In 1937, the four-masted schooner was built in Lisbon in a record short period of just 62 days.
The government planned to use steel from hulls of Santa Maria Manuela and her sister vessel Creoula to build two navy ships. Although the order was abandoned, the top quality material was not wasted. Instead of cannons, masts were fitted to the ships and their grey camouflage paint was replaced with white one.
For many years, she was abated to the famous Portuguese White Fleet, whose vessels were involved in cod fishing near Newfoundland. These vessels had characteristic hulls with high bows, wide afts, and a slightly lowered sides in the midship section to make loading of fish easier. Back then, the crew of 72 people included 54 fishermen, who embarked smaller flat-bottom boats once they reached their catching grounds. Work was tedious and risky. Some fishermen who sailed to far away from the main ship were lost, never to be found again. Several of those historical boats are still kept on board of Santa Maria Manuela for visitors to better understand the fishing period of her history. In some ports, the crew uses these boats to organize races.
Santa Maria Manuela usually sailed on engine with her sails set. This enabled the ship to reach the speed of up to 13 knots. Thus, voyages from the North Atlantic to Portugal never took longer than 10 days. This guaranteed that fish caught were delivered fresh.
At the end of the 1960s, at fishing grounds, sailing ships started to be replaced by motorised ships. Santa Maria Manuela was refitted too. After having her masts and a superstructure in the aft section removed, she was not very different from a typical merchant ship. In the early 1990s, after several “Cod Wars” and overfishing, fishing at the coast of Newfoundland discontinued. The redundant ship was moored in the port of Aveiro, where she slowly deteriorated. Finally, in 2007, she was bought by Pascoal & Filhos. Her new owner Anibal Paiao was very affectionate about the Portuguese White Fleet, for his grandfather, father and uncle served as captains on board of those vessels.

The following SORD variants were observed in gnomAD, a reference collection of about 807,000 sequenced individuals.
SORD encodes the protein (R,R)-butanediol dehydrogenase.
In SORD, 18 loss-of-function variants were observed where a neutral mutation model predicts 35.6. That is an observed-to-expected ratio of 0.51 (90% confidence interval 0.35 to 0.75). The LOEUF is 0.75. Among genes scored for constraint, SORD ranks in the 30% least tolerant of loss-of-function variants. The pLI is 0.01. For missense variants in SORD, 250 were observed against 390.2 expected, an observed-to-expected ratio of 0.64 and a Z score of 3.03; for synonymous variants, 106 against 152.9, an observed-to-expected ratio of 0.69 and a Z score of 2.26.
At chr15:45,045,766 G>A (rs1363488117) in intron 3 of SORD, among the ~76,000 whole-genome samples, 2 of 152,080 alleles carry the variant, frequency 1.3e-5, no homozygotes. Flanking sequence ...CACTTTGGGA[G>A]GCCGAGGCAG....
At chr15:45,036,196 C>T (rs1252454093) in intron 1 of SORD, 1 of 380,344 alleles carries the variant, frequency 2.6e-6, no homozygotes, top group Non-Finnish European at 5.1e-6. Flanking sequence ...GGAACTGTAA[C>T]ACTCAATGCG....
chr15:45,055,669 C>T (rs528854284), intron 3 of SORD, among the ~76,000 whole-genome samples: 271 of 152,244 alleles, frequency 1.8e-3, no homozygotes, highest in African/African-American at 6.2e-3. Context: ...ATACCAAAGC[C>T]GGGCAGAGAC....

Careful renovation took three years. The ship’s overhaul followed original plans of 1937. Since May 2010, she has been back in service as a sailing ship. She has already made a sentimental cruise to Newfoundland. She has also been a frequent participant in The Tall Ships Races. In November 2016, Santa Maria Manuela was acquired by Recheio Cash and Carry, one of companies in the Jeronimo Martins Group (owner of Polish Biedronka retail chain).